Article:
THE 5 W's
Once you've recovered from the shock of agreeing to host a wine tasting, start working on the 5W's
will be invited a how will they be contacted?
wines will be tasted and who will provide them?
will the tasting be held?
will the tasting be held -- lunch time, mid-afternoon or dinner time?
are you having the tasting? Is it just to share wine with friends or is it a fund raiser?
White before red, sparkling before still, light before full-bodied and young before old.
For larger gatherings, a champagne reception is a nice way to ease into the event. As guests arrive greet them with a glass of champagne to cleanse the palette and set the mood.
At any size tasting, soft background music and a candle placed here and there will help to make the experience more enjoyable.
Wine tasting generate lots of empty bottles and old corks. Save a some of each as a resource for your next tasting. Remove the labels, then number each bottle with a glass marker for a future 'blind' tasting. Old corks can be used in invitations or as place card holders.
Your invitations should suggest a style of attire and ask guests to refrain from smoking and too much perfume to allow the true taste of the wines to be appreciated.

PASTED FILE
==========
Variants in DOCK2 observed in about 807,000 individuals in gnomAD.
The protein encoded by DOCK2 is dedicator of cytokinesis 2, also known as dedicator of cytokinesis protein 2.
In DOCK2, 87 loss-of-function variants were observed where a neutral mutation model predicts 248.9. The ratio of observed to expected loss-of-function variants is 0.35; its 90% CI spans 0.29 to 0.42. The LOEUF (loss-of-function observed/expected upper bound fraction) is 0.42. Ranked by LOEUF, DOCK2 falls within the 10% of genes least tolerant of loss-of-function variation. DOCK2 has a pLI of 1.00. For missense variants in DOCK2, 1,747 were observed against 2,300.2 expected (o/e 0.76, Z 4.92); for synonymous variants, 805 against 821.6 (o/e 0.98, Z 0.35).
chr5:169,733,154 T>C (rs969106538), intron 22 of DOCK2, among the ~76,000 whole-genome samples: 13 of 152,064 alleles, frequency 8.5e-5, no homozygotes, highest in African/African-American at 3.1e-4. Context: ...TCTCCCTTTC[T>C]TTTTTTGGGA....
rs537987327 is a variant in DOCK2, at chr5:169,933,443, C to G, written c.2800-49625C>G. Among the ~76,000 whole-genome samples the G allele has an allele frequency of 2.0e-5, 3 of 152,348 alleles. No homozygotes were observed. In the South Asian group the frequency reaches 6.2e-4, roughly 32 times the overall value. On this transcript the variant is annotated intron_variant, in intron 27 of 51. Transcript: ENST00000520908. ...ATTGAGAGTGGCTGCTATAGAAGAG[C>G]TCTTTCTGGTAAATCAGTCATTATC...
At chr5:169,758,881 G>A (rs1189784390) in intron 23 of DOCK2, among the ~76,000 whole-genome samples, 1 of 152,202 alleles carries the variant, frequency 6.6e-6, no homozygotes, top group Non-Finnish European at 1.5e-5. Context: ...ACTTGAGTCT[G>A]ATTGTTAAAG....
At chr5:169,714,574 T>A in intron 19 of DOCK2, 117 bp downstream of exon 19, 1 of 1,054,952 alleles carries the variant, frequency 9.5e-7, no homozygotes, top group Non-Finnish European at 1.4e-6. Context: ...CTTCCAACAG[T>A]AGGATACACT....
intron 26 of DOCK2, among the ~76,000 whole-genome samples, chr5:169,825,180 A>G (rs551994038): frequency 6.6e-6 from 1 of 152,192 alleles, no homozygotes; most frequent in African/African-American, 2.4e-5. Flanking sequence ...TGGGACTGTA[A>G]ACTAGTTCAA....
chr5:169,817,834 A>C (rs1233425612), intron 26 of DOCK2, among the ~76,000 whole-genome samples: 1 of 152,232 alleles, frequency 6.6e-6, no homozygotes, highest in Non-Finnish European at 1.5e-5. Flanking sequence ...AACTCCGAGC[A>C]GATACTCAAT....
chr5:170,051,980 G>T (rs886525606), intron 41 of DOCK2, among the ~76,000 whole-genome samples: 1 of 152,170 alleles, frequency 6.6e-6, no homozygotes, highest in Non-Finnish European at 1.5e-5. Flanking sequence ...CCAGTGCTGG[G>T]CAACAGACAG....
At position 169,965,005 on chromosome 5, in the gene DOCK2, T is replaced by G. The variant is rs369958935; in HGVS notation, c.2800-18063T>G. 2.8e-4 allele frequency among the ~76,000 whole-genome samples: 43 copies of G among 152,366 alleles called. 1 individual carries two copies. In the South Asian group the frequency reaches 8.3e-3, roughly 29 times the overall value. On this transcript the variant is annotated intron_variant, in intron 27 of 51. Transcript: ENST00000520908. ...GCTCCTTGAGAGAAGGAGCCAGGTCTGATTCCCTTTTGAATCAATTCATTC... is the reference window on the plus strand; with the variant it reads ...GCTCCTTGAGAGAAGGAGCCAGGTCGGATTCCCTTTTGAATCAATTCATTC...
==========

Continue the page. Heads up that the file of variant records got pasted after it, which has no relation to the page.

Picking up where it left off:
The temperature of a wine greatly affects how it tastes. Here are some rough guidelines for popular wines (in degrees F):
Barollo, Barbaresco -- 60 - 66
Beaujoulais -- 48-52
Cabernet Sauvignon -- 60 - 64
Chardonnay -- 46 - 50
Champagne -- 40-46
Pinot Noir -- 58 - 64
Red Burgundy -- 58 - 64
White Burgundy 54 - 58
""A crust of bread, a glass of wine, and.....a tasting party!"
When Plato proclaimed, "in vino veritas", ("in wine there is truth"), he neglected to specify the nature of that truth. For this discussion, we are tempted to replace the word 'truth' with 'fun'.
Above all, a wine tasting should be fun for the hosts and the guests. It's a wonderful opportunity to mingle in a casual setting, tasting and discussing wine, while setting aside the pressure of life for a few hours. To plan your tasting start with a review of the 5W's. The first W -- WHO -- is the determining factor for everything else involved in the tasting.
A THEME keeps your wine tasting event from becoming a wine drinking party. Your theme will be shaped by: what wines will be tasted, will the host provide the wine or will guests bring favorites, and will food be provided? Here are a few examples of picking your wines:
- Wines by varietal:
How about comparing a group of Zinfandels or Chardonnays from different wineries?
- Red or White categories:
Compare 3 Merlots against 3 Cabernet's, or 3 Chardonnays versus 3 Semilions
- Varietal of a winery:
Compare the last five releases of a varietal from the same winery.
- Wines by vintages:
Compare a 1998, 1999 & 2000 release of a particular wine from one or more wineries
- Wines by price:
How about Merlot's under $12, or Cabernets between $15 - $30
- Wines by single vintage:
For example, all the Cabernets released in 1999 from a specific region